Kings center Mike Richards holds the Stanley Cup following the Kings'… (Robert Gauthier / Los Angeles…)
When I was a young boy, my father took me into the city, to see a marching band. He said, "Son, when you grow up, would you be the savior of the broken, the beaten and the damned?"
Without apology, I am stealing the first lines of this column from the first lines of the song that rocked Staples Center just before the Kings took the ice to begin the games of the 2012 Stanley Cup Final. As it blared from the giant video board, the song was accompanied by photos and videos of the Kings as children, transformed into adults, then transformed into black-shirted hockey players.
Like everything else the Kings did this spring, the effect was pretty perfect.
He said, "Will you defeat them, your demons and all the non-believers, the plans that they have made? Because one day, I'll leave you a phantom to lead you in the summer to join the Black Parade"
The song, by My Chemical Romance, is called "Welcome to the Black Parade," which is exactly what the Kings did to all of Los Angeles during an unlikely Stanley Cup run that ended in the first championship in the team's 45-year history.
In my 25 years covering sports in this town, I have never seen a more unlikely march, a more deafening drumbeat, and a more chilling route, all of it finishing in a display of pageantry unmatched on his city's sports landscape.
They win less than half of their regular-season games, they make the playoffs only in the season's final week, and they wind up winning 16 of 20 Stanley Cup playoff battles? Yeah, they welcomed our city to their parade, all right, and the bandwagon soon roared like a jumbo jet.
"What you're seeing and hearing is the end of a lot of frustration," said the Kings' Dustin Penner as he stood on the Staples Center ice below thousands of fans who stuck around long after the Kings had clinched the Cup with a 6-1 victory over the New Jersey Devils in Game 6 of the Final.
What we were seeing and hearing was history. I have been fortunate enough to witness many dramatic Los Angeles sports championships, from the Dodgers' 1988 upset of the Oakland Athletics, to the Lakers five titles in the last 13 years, to compelling crowns won by USC football and the Angels and the Galaxy. Yet none of them were felt as deeply, and celebrated as emotionally, as that moment the city of Angels became a community of Kings.
It hit me in the final seconds of the final game, as the fans counted down the final ticks of the clock as if they were 16-year-olds watching a high school basketball game. It hit when the thunder hit me, a rolling, rollicking thunder, the sort of noise that reached levels previously unheard in Staples Center's dozen years of existence.
It wasn't this loud when Kobe Bryant threw his ally-oop pass to Shaquille O'Neal to cap a comeback against the Portland Trail Blazers that essentially began the new Lakers era. It wasn't this loud when Robert Horry helped keep that era alive with a last-second shot to beat the Sacramento Kings.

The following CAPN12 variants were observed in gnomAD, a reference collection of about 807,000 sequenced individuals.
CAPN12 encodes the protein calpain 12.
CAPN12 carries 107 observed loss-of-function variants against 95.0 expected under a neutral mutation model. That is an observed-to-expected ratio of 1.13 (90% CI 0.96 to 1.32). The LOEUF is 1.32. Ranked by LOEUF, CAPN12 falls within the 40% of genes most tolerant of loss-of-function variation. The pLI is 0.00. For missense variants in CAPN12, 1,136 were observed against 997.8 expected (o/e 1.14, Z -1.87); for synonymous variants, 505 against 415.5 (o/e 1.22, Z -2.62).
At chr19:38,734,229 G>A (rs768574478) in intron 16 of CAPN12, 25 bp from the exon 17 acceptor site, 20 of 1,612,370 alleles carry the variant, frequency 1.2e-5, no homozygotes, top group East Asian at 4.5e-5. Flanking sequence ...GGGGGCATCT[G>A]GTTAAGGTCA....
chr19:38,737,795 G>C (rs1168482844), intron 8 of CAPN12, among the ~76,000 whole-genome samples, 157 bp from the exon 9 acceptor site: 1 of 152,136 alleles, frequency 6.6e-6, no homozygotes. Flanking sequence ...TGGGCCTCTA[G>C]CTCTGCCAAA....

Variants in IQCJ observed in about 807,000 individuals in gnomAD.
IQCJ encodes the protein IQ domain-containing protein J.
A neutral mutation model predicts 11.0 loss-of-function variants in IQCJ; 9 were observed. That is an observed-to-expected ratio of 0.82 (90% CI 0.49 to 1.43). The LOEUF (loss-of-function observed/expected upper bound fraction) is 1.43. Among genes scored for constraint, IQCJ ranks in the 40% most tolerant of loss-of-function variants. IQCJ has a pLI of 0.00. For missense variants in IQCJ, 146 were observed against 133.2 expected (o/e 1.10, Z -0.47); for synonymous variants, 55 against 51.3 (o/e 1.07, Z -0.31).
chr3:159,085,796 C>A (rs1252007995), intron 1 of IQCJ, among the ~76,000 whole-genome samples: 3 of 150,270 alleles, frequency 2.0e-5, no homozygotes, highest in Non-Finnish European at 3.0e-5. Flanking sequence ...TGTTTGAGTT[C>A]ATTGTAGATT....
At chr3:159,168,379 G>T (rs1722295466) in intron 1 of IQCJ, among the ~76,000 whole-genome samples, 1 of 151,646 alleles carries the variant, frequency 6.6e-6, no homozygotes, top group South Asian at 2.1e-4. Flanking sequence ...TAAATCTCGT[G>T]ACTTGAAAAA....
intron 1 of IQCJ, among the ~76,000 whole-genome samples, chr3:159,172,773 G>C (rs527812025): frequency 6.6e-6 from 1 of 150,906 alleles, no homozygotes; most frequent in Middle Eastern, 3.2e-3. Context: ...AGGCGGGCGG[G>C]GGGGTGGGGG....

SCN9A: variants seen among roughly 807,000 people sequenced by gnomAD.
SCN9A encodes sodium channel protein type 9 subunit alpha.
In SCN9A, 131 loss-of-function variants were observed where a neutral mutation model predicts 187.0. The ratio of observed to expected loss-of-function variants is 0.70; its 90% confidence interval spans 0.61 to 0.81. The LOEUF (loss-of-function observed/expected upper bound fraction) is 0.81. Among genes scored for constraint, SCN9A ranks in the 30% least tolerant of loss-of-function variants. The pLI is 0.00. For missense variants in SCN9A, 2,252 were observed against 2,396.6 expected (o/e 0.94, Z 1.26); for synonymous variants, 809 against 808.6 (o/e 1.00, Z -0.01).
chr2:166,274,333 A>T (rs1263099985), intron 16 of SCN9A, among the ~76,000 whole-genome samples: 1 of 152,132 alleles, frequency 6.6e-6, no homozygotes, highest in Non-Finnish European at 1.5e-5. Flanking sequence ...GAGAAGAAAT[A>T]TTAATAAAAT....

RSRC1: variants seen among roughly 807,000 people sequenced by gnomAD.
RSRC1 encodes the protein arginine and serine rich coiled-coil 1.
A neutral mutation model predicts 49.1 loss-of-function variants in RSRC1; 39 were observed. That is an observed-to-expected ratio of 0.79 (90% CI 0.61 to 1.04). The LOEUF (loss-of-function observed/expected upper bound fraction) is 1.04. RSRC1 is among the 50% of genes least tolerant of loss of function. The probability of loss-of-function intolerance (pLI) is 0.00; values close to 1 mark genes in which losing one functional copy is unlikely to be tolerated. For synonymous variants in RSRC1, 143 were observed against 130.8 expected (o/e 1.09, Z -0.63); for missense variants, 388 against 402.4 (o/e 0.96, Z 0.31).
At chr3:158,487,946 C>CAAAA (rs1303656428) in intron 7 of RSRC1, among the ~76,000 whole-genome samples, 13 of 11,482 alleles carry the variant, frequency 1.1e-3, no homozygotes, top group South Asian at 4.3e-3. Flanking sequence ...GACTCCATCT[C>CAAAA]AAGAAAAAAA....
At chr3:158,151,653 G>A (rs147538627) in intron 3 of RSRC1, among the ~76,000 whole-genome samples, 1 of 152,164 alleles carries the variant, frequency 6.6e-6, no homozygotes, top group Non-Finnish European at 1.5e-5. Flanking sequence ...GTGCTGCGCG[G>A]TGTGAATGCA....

The noise was so enormous, all of the loudmouths in the press box fell silent because we couldn't hear each other speak. The roar was so strong, I actually felt the building move. I've never heard such sincere screaming, such joyous celebrating. And as officials wheeled the 35-pound Stanley Cup across a red carpet unfurled on the ice, the noise continued unabated.
Have you ever seen the actual awarding of the Cup before? Did you have any idea it would be so powerful in its simplicity? Many in my business agree the Stanley Cup ceremony is the greatest trophy presentation in sports and it's not even close. Now I know they are right.
When captain Dustin Brown was handed the Cup, it was as if he was handed his first child. He gently picked it up, gently kissed it, then triumphantly raised it above his head while phone cameras clicked and goose bumps popped. That was compelling enough, but then Brown began passing to his teammates not in order of team seniority or skill, but simply based on grit.
The second guy to touch it was Willie Mitchell, a 35-year-old who had waited longer than any King for this moment. The third man to touch it was Simon Gagne, who played in the Final after spending much of the year battling concussions. And on it went, one heartfelt story after another, until every player had touched it, at which point the ceremony became even richer when the team was joined on the ice by their families. Ever seen a giant man in skates crying and hugging a little boy in tennis shoes? It happened countless times during that championship celebration, which was witnessed by media members who were also allowed on the ice.
I changed from my leather loafers into tennis shoes before venturing on to the slippery surface. I was feeling wobbly enough, and I didn't want to take a dive.
Of course, it didn't matter. By then, like much of a city that had barely paid attention to pucks before now, I had already fallen hard for this team, this moment, and the wondrous cacophony of the Black Parade.